Whilst the number of UK female founded start-ups has doubled in ten years, male founded businesses still outnumber them by nearly ten to one

Female-founded businesses are also nearly a 16% less likely to receive funding, and when they do they get on average 30% less than male-founded start ups Whilst over half of women partner with men to found businesses, just one in ten men choose to join forces with women This is despite the fact that mixed-gender teams appear to do the best at securing early-stage funding

LONDON — In the last decade the number of female-only founded businesses has doubled in the UK. Despite this progress, new Boston Consulting Group (BCG) research has found that male only founded start-ups still outnumber women by nearly ten to one, and are 16% more likely to get funding.

When female-only founded start-ups do secure funding, it’s nearly a third (30%) less than what their male counterpart’s get, with the average receiving £4.9mil between 2008 and 2018, compared to £6.2mil for men.

“Whilst it’s encouraging to see that the number of female founded start-ups has grown in the UK, the statistics paint a clear picture that more can and should still be done to ensure we remove any unfair biases in the selection or funding stages,” says Nadjia Yousif, Managing Director & Partner at BCG.

The largest gap is in the crucial seed round, where male-only teams receive over twice the funding, securing £1.5mil compared to c. £620,000 for females. This stark disparity is seen not only in the amount secured but also in the chance of receiving funding through each series.

When BCG looked at the total number of start-ups expected to be receiving funding based on their maturity, they found that the proportion of women-only businesses drops at each stage. At Series A, there are 35% fewer female-only start-ups receiving funding, which rises to 60% in Series B, and 80% in Series C.

The research also found that whilst equal numbers of men and women start businesses alone (30%), over half of women go into partnership with men, meaning just one in ten chooses to partner with other women to form an all-female founding team. By contrast, 58% of men will go in to all-male founding teams, and just 12% choose to partner with women.

Yousif, who heads up Diversity & Inclusion for BCG in the UK, adds “It’s interesting to note that whilst men lean towards all-male founding teams, mixed-gender teams are in fact ten per cent more likely to secure early-stage and series funding. This highlights the importance of ensuring leadership teams are representative, as it can help start-ups tap into additional funding, as well as unlock revenue potential.”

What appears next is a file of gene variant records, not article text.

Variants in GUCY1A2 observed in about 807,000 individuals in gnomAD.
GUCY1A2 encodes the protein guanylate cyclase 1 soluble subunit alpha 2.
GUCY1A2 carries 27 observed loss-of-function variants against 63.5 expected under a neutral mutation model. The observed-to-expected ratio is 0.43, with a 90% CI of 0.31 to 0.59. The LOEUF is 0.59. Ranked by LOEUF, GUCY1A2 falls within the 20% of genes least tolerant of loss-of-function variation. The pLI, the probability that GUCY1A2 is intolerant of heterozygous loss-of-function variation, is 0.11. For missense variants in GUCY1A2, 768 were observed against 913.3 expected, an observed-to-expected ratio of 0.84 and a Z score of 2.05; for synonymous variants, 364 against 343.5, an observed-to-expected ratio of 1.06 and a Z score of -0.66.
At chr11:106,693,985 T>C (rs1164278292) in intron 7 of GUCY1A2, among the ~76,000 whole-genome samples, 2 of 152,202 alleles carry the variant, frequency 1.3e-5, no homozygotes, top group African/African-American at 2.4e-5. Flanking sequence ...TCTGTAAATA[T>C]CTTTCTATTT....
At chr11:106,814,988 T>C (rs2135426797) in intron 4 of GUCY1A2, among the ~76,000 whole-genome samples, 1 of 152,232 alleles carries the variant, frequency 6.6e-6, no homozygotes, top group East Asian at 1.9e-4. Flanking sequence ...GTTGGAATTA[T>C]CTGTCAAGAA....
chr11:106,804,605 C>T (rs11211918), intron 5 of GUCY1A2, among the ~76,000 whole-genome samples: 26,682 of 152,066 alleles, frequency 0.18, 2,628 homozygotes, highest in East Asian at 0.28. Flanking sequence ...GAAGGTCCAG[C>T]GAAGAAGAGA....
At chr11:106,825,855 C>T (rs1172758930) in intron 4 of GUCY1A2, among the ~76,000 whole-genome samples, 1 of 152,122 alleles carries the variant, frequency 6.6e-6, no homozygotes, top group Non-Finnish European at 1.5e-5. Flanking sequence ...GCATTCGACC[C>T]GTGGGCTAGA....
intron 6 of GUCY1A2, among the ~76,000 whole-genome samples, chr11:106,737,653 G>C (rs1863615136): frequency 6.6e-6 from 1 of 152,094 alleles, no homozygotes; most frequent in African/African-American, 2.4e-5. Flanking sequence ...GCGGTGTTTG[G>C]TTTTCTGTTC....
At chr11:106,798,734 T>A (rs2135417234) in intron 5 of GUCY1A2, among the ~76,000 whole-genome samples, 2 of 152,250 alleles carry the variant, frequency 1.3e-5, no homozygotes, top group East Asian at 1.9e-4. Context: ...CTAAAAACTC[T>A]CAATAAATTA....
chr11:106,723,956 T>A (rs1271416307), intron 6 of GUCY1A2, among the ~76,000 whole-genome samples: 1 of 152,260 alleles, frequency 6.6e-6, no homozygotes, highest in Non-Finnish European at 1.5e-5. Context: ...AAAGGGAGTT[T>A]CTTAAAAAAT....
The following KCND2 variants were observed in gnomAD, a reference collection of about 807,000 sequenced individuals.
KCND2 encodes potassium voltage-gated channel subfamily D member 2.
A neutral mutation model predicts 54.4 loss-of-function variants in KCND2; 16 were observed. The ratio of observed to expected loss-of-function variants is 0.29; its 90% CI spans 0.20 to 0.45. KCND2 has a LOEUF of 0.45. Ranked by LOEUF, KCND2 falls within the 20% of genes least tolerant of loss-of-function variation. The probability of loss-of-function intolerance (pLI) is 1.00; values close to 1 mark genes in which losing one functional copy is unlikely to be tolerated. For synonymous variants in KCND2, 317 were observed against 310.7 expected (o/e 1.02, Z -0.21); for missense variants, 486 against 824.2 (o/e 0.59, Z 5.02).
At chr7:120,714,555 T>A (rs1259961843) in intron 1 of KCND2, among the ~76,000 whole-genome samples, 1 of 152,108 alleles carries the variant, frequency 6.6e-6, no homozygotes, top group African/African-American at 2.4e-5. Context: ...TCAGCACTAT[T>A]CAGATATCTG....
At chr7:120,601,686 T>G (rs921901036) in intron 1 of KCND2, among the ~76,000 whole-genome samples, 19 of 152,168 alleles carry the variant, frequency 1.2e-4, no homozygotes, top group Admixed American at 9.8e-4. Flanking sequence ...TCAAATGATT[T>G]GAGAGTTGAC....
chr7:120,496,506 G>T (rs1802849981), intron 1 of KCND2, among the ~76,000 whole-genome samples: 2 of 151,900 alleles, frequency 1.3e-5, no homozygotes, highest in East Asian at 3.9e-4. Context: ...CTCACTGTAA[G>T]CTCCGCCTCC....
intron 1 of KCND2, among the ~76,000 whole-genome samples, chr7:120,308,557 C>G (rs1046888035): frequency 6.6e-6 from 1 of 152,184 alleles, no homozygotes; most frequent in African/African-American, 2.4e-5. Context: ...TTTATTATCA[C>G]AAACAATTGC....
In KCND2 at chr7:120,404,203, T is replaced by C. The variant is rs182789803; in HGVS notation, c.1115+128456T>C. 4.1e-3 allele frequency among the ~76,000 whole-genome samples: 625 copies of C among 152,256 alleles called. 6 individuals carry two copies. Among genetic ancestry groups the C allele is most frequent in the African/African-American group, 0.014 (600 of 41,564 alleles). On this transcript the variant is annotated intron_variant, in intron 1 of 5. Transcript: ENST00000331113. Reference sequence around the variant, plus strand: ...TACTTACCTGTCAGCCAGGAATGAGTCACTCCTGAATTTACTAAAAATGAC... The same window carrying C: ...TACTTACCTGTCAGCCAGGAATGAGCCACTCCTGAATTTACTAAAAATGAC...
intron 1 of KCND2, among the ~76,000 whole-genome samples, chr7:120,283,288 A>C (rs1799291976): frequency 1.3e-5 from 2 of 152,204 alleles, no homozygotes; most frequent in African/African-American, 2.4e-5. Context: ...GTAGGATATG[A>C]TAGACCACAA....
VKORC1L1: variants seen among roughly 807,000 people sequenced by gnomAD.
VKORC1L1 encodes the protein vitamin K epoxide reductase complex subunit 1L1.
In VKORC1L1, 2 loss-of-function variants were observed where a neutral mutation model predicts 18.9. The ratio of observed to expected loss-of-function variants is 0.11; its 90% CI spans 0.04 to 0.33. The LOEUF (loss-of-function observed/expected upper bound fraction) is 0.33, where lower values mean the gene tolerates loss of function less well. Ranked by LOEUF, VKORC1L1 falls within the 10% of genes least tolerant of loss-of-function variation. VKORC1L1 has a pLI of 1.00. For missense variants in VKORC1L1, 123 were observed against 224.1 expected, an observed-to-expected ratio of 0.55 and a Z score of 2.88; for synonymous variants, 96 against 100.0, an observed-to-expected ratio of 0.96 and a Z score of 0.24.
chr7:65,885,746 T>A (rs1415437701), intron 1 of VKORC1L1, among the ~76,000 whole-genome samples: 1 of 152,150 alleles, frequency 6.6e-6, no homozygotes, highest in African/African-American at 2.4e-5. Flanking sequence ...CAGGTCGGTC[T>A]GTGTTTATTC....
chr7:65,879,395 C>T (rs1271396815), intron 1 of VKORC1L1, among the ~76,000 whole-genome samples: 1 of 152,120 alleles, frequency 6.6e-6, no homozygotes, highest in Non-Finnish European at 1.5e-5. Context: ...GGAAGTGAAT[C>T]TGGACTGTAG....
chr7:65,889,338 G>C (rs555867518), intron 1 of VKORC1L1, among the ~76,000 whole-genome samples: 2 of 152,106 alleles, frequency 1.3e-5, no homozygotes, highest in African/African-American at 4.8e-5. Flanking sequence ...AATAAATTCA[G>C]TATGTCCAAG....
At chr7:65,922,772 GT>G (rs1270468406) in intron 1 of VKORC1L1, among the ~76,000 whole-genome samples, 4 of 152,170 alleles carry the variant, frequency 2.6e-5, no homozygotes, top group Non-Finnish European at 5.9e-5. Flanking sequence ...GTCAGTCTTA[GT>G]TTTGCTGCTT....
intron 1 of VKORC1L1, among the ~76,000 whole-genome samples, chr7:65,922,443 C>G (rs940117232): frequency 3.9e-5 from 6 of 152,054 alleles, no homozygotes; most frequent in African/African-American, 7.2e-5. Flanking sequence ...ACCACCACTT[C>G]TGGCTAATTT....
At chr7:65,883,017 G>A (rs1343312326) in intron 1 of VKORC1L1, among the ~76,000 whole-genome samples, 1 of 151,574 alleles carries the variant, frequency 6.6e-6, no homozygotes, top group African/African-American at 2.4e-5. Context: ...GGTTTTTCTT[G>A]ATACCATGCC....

Previous BCG research has shown that leadership teams that report above average diversity on management teams have been found to enjoy How Diverse Leadership Teams Boost Innovation, compared to those with lower than average.

Whilst mixed teams perform the best in terms of receiving funding (66% success rate), male-only teams still outperform all female teams with a 57% success rate, where under half of female-founded companies (49%) receive funding.

There are a number of contributing factors that help us understand why the funding gap is so large, and so persistent. 88% of senior leaders in the leading UK VCs are men, while 40% of these VCs have no female partners at all. Additionally, the Rose Review highlights that typically a higher proportion of women start companies in sectors that are less capital intensive, or require less funding rounds.

As well as mixed teams performing best when securing early-stage funding, previous Why Women-Owned Startups Are a Better Bet has found that start-ups founded and co-founded by women perform better as well, generating 10 per cent more in cumulative revenue over a five year period than male-founded companies.

“These findings add to the growing body of research that highlights not only the large discrepancy between male and female funding and leadership, but also the clear business imperative for closing this gap.” concludes Yousif.

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